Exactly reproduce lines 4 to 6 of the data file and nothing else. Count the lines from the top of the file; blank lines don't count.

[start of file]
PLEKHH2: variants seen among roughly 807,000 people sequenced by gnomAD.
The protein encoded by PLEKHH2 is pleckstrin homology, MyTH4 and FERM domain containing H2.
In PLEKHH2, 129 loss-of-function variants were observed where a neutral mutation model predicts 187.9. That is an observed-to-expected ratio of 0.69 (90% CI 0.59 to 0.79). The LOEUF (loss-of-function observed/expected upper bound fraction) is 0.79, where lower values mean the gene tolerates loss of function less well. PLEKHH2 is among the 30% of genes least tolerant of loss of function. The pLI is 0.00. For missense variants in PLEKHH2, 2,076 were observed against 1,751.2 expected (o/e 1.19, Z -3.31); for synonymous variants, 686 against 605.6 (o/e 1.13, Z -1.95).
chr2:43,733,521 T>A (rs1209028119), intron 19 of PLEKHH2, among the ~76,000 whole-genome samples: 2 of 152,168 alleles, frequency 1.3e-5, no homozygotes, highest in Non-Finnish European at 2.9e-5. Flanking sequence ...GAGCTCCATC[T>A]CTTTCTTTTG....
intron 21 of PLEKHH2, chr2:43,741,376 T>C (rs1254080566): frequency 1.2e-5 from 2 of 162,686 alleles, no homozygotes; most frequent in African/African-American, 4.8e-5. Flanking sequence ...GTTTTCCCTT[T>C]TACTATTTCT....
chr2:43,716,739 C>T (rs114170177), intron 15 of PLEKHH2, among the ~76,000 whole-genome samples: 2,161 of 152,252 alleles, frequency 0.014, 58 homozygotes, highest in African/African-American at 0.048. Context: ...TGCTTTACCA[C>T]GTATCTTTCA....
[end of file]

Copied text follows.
chr2:43,733,521 T>A (rs1209028119), intron 19 of PLEKHH2, among the ~76,000 whole-genome samples: 2 of 152,168 alleles, frequency 1.3e-5, no homozygotes, highest in Non-Finnish European at 2.9e-5. Flanking sequence ...GAGCTCCATC[T>A]CTTTCTTTTG....
intron 21 of PLEKHH2, chr2:43,741,376 T>C (rs1254080566): frequency 1.2e-5 from 2 of 162,686 alleles, no homozygotes; most frequent in African/African-American, 4.8e-5. Flanking sequence ...GTTTTCCCTT[T>C]TACTATTTCT....
chr2:43,716,739 C>T (rs114170177), intron 15 of PLEKHH2, among the ~76,000 whole-genome samples: 2,161 of 152,252 alleles, frequency 0.014, 58 homozygotes, highest in African/African-American at 0.048. Context: ...TGCTTTACCA[C>T]GTATCTTTCA....